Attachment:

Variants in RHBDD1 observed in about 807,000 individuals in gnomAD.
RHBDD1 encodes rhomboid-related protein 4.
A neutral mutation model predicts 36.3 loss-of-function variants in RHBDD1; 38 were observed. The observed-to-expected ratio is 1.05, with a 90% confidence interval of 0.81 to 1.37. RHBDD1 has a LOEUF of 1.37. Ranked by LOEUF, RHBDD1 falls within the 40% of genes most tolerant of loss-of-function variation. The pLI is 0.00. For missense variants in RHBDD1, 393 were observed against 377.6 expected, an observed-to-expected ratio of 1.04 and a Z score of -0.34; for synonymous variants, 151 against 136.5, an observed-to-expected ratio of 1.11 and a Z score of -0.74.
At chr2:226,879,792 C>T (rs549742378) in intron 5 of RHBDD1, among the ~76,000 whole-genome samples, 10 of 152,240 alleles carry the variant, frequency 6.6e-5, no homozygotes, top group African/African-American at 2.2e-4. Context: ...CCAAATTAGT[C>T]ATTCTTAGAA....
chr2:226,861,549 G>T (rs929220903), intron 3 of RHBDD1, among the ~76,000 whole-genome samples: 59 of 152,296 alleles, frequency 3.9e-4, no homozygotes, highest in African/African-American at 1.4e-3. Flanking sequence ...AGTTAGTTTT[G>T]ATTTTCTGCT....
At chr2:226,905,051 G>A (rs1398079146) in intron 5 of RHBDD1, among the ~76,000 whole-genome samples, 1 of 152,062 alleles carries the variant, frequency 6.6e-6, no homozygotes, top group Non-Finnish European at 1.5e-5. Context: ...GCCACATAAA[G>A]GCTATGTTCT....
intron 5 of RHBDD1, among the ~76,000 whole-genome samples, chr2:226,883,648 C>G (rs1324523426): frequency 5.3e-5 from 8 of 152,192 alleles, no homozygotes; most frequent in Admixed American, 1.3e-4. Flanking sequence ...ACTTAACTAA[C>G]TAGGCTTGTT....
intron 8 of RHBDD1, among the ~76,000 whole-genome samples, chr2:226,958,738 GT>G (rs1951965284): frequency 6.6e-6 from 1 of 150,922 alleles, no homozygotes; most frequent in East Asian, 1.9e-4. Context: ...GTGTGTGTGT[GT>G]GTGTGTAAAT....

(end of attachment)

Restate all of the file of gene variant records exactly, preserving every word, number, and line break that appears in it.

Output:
Variants in RHBDD1 observed in about 807,000 individuals in gnomAD.
RHBDD1 encodes rhomboid-related protein 4.
A neutral mutation model predicts 36.3 loss-of-function variants in RHBDD1; 38 were observed. The observed-to-expected ratio is 1.05, with a 90% confidence interval of 0.81 to 1.37. RHBDD1 has a LOEUF of 1.37. Ranked by LOEUF, RHBDD1 falls within the 40% of genes most tolerant of loss-of-function variation. The pLI is 0.00. For missense variants in RHBDD1, 393 were observed against 377.6 expected, an observed-to-expected ratio of 1.04 and a Z score of -0.34; for synonymous variants, 151 against 136.5, an observed-to-expected ratio of 1.11 and a Z score of -0.74.
At chr2:226,879,792 C>T (rs549742378) in intron 5 of RHBDD1, among the ~76,000 whole-genome samples, 10 of 152,240 alleles carry the variant, frequency 6.6e-5, no homozygotes, top group African/African-American at 2.2e-4. Context: ...CCAAATTAGT[C>T]ATTCTTAGAA....
chr2:226,861,549 G>T (rs929220903), intron 3 of RHBDD1, among the ~76,000 whole-genome samples: 59 of 152,296 alleles, frequency 3.9e-4, no homozygotes, highest in African/African-American at 1.4e-3. Flanking sequence ...AGTTAGTTTT[G>T]ATTTTCTGCT....
At chr2:226,905,051 G>A (rs1398079146) in intron 5 of RHBDD1, among the ~76,000 whole-genome samples, 1 of 152,062 alleles carries the variant, frequency 6.6e-6, no homozygotes, top group Non-Finnish European at 1.5e-5. Context: ...GCCACATAAA[G>A]GCTATGTTCT....
intron 5 of RHBDD1, among the ~76,000 whole-genome samples, chr2:226,883,648 C>G (rs1324523426): frequency 5.3e-5 from 8 of 152,192 alleles, no homozygotes; most frequent in Admixed American, 1.3e-4. Flanking sequence ...ACTTAACTAA[C>G]TAGGCTTGTT....
intron 8 of RHBDD1, among the ~76,000 whole-genome samples, chr2:226,958,738 GT>G (rs1951965284): frequency 6.6e-6 from 1 of 150,922 alleles, no homozygotes; most frequent in East Asian, 1.9e-4. Context: ...GTGTGTGTGT[GT>G]GTGTGTAAAT....